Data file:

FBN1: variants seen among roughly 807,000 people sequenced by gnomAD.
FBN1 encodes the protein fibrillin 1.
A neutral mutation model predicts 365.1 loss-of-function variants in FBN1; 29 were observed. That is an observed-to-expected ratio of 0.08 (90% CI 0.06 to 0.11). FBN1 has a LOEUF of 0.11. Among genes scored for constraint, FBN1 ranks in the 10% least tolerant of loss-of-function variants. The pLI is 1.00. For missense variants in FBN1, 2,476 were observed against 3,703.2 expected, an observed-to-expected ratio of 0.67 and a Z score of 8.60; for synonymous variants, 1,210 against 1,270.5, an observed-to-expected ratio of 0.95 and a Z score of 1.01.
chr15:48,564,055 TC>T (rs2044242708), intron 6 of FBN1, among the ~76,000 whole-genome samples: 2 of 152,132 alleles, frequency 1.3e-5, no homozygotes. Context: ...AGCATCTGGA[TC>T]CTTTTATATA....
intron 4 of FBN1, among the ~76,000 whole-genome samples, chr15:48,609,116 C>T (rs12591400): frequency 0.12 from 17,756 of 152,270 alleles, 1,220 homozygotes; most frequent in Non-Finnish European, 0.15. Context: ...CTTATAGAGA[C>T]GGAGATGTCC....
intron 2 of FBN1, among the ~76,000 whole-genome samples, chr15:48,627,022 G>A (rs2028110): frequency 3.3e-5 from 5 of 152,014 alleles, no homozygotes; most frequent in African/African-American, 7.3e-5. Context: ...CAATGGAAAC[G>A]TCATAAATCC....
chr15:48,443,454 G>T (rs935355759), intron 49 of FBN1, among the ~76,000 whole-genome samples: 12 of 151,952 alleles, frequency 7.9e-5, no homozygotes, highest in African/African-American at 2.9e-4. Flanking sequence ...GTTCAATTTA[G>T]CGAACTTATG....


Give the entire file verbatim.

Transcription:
FBN1: variants seen among roughly 807,000 people sequenced by gnomAD.
FBN1 encodes the protein fibrillin 1.
A neutral mutation model predicts 365.1 loss-of-function variants in FBN1; 29 were observed. That is an observed-to-expected ratio of 0.08 (90% CI 0.06 to 0.11). FBN1 has a LOEUF of 0.11. Among genes scored for constraint, FBN1 ranks in the 10% least tolerant of loss-of-function variants. The pLI is 1.00. For missense variants in FBN1, 2,476 were observed against 3,703.2 expected, an observed-to-expected ratio of 0.67 and a Z score of 8.60; for synonymous variants, 1,210 against 1,270.5, an observed-to-expected ratio of 0.95 and a Z score of 1.01.
chr15:48,564,055 TC>T (rs2044242708), intron 6 of FBN1, among the ~76,000 whole-genome samples: 2 of 152,132 alleles, frequency 1.3e-5, no homozygotes. Context: ...AGCATCTGGA[TC>T]CTTTTATATA....
intron 4 of FBN1, among the ~76,000 whole-genome samples, chr15:48,609,116 C>T (rs12591400): frequency 0.12 from 17,756 of 152,270 alleles, 1,220 homozygotes; most frequent in Non-Finnish European, 0.15. Context: ...CTTATAGAGA[C>T]GGAGATGTCC....
intron 2 of FBN1, among the ~76,000 whole-genome samples, chr15:48,627,022 G>A (rs2028110): frequency 3.3e-5 from 5 of 152,014 alleles, no homozygotes; most frequent in African/African-American, 7.3e-5. Context: ...CAATGGAAAC[G>A]TCATAAATCC....
chr15:48,443,454 G>T (rs935355759), intron 49 of FBN1, among the ~76,000 whole-genome samples: 12 of 151,952 alleles, frequency 7.9e-5, no homozygotes, highest in African/African-American at 2.9e-4. Flanking sequence ...GTTCAATTTA[G>T]CGAACTTATG....